Let's say you want to shag a sexy British indie rocker. "Song One" not only instructs you on how to go about it (first tip: try to look like shagging said indie rocker is the last thing on your mind), but also suggests your lucky conquest could inspire the first track on his next album -- though it helps to have a comatose brother, the way Anne Hathaway's character does here. With its sensitive original score, true-chemistry central perfs and refreshing lack of irony, first-timer Kate Barker-Froyland's low-key musical romance ought to send young emo crowds swooning en masse.
Perhaps the cleverest thing about Barker-Froyland's delicately contrived debut is how uncontrived she manages to make it seem. A talented, good-looking kid (Ben Rosenfield) sings his heart out in the tunnels beneath Grand Central Station, only to be hit by a cab while crossing the street. Halfway around the world in Morocco, his more serious-minded sister Franny (Hathaway) is so absorbed in her anthropology studies that she hasn't spoken to now-comatose Henry in six months.
Everything that follows in "Song One" depends on what you make of James' decision to stop by, bearing tea and sympathy. Against all odds, Barker-Froyland manages to sell this scene -- a credit to both the grief-stricken authenticity Hathaway shows and the director's own intuitively naturalistic style behind the camera. A significant talent in the making, Barker-Froyland earns our trust with almost imperceptibly handheld lensing and a welcome tendency to let shots linger long enough for the emotions to register.
But mostly, it's the songs -- by Jenny Lewis and Johnathan Rice of indie-rock duo Jenny and Johnny, with music help from Nathaniel Walcott -- that makes it possible for this unassuming little drama to penetrate the cynical defenses of modern auds. Vaguely reminiscent of "Once," another Sundance breakout that went on to find mainstream success (and eventually made its way to the Broadway stage, as this pic could conceivably do as well), "Song One" plays with the notion of two pitiful souls who meet at precisely the right moment to compliment one another's emotional needs.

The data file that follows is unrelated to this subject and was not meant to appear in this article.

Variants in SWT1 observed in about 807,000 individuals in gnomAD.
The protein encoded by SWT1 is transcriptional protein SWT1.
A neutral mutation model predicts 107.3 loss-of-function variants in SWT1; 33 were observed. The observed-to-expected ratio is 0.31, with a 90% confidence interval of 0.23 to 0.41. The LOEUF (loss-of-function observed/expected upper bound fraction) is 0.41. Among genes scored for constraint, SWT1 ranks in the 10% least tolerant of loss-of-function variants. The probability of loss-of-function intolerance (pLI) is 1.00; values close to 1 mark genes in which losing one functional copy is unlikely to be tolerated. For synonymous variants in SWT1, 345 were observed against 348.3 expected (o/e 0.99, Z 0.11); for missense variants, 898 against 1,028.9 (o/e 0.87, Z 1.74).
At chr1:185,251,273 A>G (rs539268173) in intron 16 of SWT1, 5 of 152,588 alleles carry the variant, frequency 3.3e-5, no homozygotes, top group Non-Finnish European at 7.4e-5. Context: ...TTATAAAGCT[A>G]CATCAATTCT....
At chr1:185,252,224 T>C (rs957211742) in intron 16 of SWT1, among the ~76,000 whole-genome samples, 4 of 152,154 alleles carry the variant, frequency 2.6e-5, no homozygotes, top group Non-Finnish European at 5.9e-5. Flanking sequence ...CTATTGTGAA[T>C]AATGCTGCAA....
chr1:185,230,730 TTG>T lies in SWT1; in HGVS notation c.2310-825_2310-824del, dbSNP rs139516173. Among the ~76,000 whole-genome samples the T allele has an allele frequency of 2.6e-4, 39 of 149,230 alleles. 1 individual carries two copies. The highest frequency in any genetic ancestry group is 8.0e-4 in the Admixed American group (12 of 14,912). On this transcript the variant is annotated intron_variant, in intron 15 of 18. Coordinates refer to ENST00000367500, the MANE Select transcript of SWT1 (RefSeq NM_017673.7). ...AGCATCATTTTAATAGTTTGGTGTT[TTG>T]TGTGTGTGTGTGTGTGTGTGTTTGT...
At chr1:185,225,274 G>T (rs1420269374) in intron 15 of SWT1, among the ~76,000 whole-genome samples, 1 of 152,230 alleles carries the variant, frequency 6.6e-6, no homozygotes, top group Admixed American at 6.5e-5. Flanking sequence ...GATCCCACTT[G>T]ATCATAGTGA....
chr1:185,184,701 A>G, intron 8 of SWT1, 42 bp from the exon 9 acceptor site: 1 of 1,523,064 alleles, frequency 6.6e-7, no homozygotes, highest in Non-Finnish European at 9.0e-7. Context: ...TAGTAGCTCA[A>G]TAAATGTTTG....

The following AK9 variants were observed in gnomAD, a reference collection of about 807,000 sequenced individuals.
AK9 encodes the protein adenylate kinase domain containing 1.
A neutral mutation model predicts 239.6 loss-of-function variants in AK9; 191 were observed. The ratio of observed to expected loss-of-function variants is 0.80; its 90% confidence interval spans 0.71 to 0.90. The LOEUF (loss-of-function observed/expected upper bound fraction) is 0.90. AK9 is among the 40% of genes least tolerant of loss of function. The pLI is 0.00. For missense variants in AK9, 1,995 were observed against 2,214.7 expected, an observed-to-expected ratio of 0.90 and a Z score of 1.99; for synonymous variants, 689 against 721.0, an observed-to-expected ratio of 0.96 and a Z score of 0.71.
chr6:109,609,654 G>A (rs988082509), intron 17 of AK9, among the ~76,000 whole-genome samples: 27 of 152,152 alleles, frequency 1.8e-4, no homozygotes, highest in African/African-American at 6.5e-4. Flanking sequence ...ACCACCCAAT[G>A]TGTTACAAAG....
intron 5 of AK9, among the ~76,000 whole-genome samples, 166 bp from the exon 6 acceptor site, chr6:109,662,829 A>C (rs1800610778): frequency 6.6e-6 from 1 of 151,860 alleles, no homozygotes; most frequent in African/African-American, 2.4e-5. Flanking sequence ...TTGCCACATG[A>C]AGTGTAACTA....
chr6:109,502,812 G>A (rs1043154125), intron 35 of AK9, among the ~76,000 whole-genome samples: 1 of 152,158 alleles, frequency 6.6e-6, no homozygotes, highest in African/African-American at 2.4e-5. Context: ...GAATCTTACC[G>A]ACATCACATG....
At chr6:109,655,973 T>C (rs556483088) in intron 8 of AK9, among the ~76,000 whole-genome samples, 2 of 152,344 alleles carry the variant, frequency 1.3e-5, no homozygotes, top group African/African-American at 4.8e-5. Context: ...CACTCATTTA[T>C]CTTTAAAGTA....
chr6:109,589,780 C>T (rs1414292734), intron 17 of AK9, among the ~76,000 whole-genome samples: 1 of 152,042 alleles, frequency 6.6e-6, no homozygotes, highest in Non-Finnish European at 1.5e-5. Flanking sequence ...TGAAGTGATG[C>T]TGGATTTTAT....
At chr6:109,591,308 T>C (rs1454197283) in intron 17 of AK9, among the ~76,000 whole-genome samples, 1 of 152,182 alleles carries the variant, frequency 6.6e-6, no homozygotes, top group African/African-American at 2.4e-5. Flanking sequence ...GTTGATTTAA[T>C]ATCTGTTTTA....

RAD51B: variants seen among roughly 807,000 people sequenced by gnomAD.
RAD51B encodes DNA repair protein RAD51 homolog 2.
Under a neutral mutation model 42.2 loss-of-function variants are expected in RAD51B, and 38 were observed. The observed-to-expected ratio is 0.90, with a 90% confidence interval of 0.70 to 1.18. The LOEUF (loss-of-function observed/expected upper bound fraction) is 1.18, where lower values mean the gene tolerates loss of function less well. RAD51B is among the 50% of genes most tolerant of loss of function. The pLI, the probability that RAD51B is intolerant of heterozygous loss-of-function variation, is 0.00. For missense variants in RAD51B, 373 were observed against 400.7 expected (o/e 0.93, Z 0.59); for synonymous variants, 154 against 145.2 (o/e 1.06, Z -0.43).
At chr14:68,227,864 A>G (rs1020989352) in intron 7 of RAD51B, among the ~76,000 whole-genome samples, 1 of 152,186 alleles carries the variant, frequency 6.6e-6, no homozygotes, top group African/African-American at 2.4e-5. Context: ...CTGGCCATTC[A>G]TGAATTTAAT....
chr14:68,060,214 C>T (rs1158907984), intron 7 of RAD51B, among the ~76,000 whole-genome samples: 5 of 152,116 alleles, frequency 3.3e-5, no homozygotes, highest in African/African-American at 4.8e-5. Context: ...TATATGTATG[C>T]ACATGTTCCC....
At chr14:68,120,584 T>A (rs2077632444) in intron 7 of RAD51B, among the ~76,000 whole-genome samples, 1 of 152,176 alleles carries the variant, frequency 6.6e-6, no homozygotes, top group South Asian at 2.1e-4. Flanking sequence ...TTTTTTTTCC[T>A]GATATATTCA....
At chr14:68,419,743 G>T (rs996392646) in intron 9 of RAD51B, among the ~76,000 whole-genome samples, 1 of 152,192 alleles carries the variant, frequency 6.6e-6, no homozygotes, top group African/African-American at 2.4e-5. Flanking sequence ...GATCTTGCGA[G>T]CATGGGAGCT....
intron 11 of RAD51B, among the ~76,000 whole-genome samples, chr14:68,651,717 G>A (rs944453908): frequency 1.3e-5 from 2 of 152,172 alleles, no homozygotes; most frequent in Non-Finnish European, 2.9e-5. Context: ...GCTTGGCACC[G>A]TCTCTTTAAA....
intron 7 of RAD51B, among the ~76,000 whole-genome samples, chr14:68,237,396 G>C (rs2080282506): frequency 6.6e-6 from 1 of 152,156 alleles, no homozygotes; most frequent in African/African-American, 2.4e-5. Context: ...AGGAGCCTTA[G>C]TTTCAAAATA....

Franny's concerns are fairly self-evident, especially after she confesses how she'd berated her brother for planning to drop out of college and pursue his music. She needs a chance to atone for not taking his interests seriously (though one wonders how Henry might feel if he awakened to learn that she'd been shagging his idol).
In James' case, the script presents him as an insecure poet and somewhat reluctant celebrity: He carries himself not like a star but as a sullen puppy, worrying aloud whether he will ever be able to overcome his creative block. It's that ultimate naive-girl fantasy: a man who's attentive, but also incomplete without you. In short, James needs a muse -- preferably one with big Precious Moments eyes and uncannily good instincts about which Gotham music venues to hit on any given night.
So, while James tests out old and new songs on Franny, she reciprocates -- with some encouragement from her embarrassment-be-damned mom (Mary Steenburgen, strong) -- by singing back to him. Whereas Franny had shown zero interest in her brother's passion for the past six months, now she finds music to be the most natural form of expression, attending concerts, buying vintage instruments and watching YouTube videos, each of which permit Barker-Froyland to squeeze more tunes into the film.
The story may be slight, but that leaves ample room to embellish with music, capturing a surprising range of styles (indie rock, blues, electronica) from the New York scene by way of texture. The film positively swells with songs, the lyrics of which have been attentively crafted to suit the emotions onscreen, especially when it comes to the pic's eponymous number, "Silver Song." While Hathaway earned her Oscar for live-singing last year, it is Flynn's turn to impress with his heartfelt renditions of five original songs, at least one of which is sure to be heard at the Dolby Theatre next February.